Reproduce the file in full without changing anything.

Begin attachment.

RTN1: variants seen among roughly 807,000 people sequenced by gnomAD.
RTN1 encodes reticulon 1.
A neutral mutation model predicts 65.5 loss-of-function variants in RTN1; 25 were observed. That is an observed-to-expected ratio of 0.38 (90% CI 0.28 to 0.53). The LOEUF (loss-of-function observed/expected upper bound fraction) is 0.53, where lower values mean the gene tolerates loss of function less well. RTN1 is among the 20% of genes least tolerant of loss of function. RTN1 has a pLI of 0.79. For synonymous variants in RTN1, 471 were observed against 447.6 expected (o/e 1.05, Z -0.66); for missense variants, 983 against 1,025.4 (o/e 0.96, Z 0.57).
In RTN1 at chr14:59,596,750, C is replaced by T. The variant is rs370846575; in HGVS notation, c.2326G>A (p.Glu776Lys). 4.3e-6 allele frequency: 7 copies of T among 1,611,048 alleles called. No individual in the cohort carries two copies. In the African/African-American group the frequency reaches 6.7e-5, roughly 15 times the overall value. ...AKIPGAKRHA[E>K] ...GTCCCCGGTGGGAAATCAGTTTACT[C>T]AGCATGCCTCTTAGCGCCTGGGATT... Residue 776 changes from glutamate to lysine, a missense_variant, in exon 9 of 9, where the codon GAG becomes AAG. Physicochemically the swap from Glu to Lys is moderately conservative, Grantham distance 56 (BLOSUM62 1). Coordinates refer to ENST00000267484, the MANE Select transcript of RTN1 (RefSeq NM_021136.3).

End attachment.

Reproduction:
RTN1: variants seen among roughly 807,000 people sequenced by gnomAD.
RTN1 encodes reticulon 1.
A neutral mutation model predicts 65.5 loss-of-function variants in RTN1; 25 were observed. That is an observed-to-expected ratio of 0.38 (90% CI 0.28 to 0.53). The LOEUF (loss-of-function observed/expected upper bound fraction) is 0.53, where lower values mean the gene tolerates loss of function less well. RTN1 is among the 20% of genes least tolerant of loss of function. RTN1 has a pLI of 0.79. For synonymous variants in RTN1, 471 were observed against 447.6 expected (o/e 1.05, Z -0.66); for missense variants, 983 against 1,025.4 (o/e 0.96, Z 0.57).
In RTN1 at chr14:59,596,750, C is replaced by T. The variant is rs370846575; in HGVS notation, c.2326G>A (p.Glu776Lys). 4.3e-6 allele frequency: 7 copies of T among 1,611,048 alleles called. No individual in the cohort carries two copies. In the African/African-American group the frequency reaches 6.7e-5, roughly 15 times the overall value. ...AKIPGAKRHA[E>K] ...GTCCCCGGTGGGAAATCAGTTTACT[C>T]AGCATGCCTCTTAGCGCCTGGGATT... Residue 776 changes from glutamate to lysine, a missense_variant, in exon 9 of 9, where the codon GAG becomes AAG. Physicochemically the swap from Glu to Lys is moderately conservative, Grantham distance 56 (BLOSUM62 1). Coordinates refer to ENST00000267484, the MANE Select transcript of RTN1 (RefSeq NM_021136.3).